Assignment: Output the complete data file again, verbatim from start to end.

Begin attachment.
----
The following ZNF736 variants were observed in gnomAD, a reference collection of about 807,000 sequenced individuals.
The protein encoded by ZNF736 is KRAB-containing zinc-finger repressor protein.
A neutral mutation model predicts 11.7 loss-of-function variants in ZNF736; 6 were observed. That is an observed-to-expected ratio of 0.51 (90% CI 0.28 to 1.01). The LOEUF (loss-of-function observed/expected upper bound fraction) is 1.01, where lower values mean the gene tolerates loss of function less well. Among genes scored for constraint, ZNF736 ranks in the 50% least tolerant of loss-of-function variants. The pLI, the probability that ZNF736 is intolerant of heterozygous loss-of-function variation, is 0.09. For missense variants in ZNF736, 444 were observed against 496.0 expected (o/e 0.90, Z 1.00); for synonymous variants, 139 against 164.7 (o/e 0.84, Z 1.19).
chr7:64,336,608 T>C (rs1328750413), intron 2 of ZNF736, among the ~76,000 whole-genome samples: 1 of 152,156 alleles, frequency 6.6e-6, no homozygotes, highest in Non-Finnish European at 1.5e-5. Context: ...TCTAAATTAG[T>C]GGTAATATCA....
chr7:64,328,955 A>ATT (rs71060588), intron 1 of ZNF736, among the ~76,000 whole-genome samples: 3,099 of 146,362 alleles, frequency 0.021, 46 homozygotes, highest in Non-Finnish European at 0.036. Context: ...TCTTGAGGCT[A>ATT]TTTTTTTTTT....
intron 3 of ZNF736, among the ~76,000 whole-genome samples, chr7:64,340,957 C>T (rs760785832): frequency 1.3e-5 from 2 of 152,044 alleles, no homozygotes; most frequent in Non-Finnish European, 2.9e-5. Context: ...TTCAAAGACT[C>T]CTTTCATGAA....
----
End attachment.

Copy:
The following ZNF736 variants were observed in gnomAD, a reference collection of about 807,000 sequenced individuals.
The protein encoded by ZNF736 is KRAB-containing zinc-finger repressor protein.
A neutral mutation model predicts 11.7 loss-of-function variants in ZNF736; 6 were observed. That is an observed-to-expected ratio of 0.51 (90% CI 0.28 to 1.01). The LOEUF (loss-of-function observed/expected upper bound fraction) is 1.01, where lower values mean the gene tolerates loss of function less well. Among genes scored for constraint, ZNF736 ranks in the 50% least tolerant of loss-of-function variants. The pLI, the probability that ZNF736 is intolerant of heterozygous loss-of-function variation, is 0.09. For missense variants in ZNF736, 444 were observed against 496.0 expected (o/e 0.90, Z 1.00); for synonymous variants, 139 against 164.7 (o/e 0.84, Z 1.19).
chr7:64,336,608 T>C (rs1328750413), intron 2 of ZNF736, among the ~76,000 whole-genome samples: 1 of 152,156 alleles, frequency 6.6e-6, no homozygotes, highest in Non-Finnish European at 1.5e-5. Context: ...TCTAAATTAG[T>C]GGTAATATCA....
chr7:64,328,955 A>ATT (rs71060588), intron 1 of ZNF736, among the ~76,000 whole-genome samples: 3,099 of 146,362 alleles, frequency 0.021, 46 homozygotes, highest in Non-Finnish European at 0.036. Context: ...TCTTGAGGCT[A>ATT]TTTTTTTTTT....
intron 3 of ZNF736, among the ~76,000 whole-genome samples, chr7:64,340,957 C>T (rs760785832): frequency 1.3e-5 from 2 of 152,044 alleles, no homozygotes; most frequent in Non-Finnish European, 2.9e-5. Context: ...TTCAAAGACT[C>T]CTTTCATGAA....